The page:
Parents should act like parents

Apr. 25, 2013 @ 05:16 AM

There are times, for parents, when the job of raising a child is a very difficult task.

In a sense, parents have to be willing to act like parents.

Those words were striking coming from Rutherford County resident Ann Goforth in a recent story in The Daily Courier.

Goforth and her husband are raising three of their grandchildren because the parents made the decision to not act like parents.

And Goforth has specific knowledge about acting like a parent.

When she was 17, having no job and facing a mountain of other issues, Goforth decided to give her second child to a cousin to raise. She was concerned about neglect and was afraid she couldn’t care for the child properly.

Some, including Goforth, may question whether this was the right decision but in the realm of acting like a parent, doing what is best for a child is paramount.

It is a tough decision to be sure and it was a decision that has stayed with Goforth even today.

To us, the decision was absolutely the right thing to do.

Unfortunately we live in a time where some parents are not meant to raise a child. Whether there are financial issues or personal there are those that enter parenting without the basic skills of taking care of themselves, let alone a small child.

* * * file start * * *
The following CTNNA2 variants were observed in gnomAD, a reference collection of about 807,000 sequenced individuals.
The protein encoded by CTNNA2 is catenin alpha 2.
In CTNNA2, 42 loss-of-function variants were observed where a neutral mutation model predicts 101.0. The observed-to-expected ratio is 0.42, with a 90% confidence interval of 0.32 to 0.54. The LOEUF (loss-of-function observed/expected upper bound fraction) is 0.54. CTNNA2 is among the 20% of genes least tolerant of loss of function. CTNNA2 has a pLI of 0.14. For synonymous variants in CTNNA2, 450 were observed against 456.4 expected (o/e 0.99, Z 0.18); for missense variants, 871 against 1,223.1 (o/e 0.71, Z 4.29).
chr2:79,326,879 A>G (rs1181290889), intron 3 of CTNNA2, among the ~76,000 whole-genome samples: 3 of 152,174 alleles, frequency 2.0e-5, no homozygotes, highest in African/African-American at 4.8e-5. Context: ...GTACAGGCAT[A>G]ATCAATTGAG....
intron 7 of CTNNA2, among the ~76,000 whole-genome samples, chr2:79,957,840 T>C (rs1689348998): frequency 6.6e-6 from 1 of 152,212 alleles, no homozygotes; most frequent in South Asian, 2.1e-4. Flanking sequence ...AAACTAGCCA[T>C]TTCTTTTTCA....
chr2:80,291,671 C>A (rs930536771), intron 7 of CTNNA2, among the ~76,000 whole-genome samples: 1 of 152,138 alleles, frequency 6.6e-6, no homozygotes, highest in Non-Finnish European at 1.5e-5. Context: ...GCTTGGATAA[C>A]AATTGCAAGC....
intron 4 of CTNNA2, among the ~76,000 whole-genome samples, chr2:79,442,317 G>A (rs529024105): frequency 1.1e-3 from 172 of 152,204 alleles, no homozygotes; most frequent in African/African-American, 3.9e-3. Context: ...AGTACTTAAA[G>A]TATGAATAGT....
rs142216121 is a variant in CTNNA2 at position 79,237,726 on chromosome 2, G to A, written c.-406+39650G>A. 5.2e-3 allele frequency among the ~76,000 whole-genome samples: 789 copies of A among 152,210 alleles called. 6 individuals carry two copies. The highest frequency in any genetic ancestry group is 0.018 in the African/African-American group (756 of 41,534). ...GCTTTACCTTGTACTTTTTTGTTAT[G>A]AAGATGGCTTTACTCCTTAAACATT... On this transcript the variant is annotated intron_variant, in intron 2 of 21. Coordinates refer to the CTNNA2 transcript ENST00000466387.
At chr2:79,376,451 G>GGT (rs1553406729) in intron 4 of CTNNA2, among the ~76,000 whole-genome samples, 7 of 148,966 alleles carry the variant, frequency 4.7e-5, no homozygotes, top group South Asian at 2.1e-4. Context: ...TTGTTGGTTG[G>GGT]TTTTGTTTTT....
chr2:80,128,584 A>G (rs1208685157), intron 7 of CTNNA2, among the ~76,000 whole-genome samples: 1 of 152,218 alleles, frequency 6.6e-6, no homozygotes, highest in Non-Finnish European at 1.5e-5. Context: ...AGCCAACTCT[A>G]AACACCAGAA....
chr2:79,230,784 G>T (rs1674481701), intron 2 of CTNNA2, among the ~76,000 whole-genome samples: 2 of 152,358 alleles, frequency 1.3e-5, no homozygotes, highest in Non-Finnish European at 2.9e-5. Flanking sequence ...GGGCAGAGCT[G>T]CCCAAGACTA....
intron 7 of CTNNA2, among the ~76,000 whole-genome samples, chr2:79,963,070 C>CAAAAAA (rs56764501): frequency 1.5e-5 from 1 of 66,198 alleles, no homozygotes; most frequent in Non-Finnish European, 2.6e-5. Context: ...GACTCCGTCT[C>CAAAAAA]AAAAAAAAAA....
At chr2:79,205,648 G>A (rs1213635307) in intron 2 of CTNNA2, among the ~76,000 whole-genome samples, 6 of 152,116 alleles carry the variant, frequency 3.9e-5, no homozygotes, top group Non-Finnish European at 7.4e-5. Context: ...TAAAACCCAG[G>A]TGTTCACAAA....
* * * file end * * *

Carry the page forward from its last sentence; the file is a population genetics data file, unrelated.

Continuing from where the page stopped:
Children are having children, immature adults are having children and people with problems with drugs and alcohol are becoming parents.

None of those situations are beneficial for bringing a small child into the world.

In the story, the Rutherford County Department of Social Services said that there were 1,608 reports to their agency regarding the welfare of children. While only 23 percent of those were substantiated reports, that is 23 percent too many. This is a very serious problem.

There is no question that raising children is a full-time job that doesn’t come with guidelines or instructions. The row can be tough to hoe but when you make a decision to bring a child into the world there is an understanding that it will be hard, tears will be shed and lives will forever be changed.

The key is to love your children and make them the top priority in your life. If you aren’t willing to make that sacrifice, then you need to pursue other options.

“Tell your children you love them ... over and over,” Goforth told Daily Courier reporter Jean Gordon in her story Tuesday.

That, perhaps, is the best advice for any parent, in any situation.

By Matthew Clark, for the Editorial Board


The Daily Courier Editorial Board consists of community members Jerry Brewer, Kyle Bingham, Tom Padgett, Dr. Shermaine Surratt and Cliff Strassenburg as well as Editor Matthew Clark.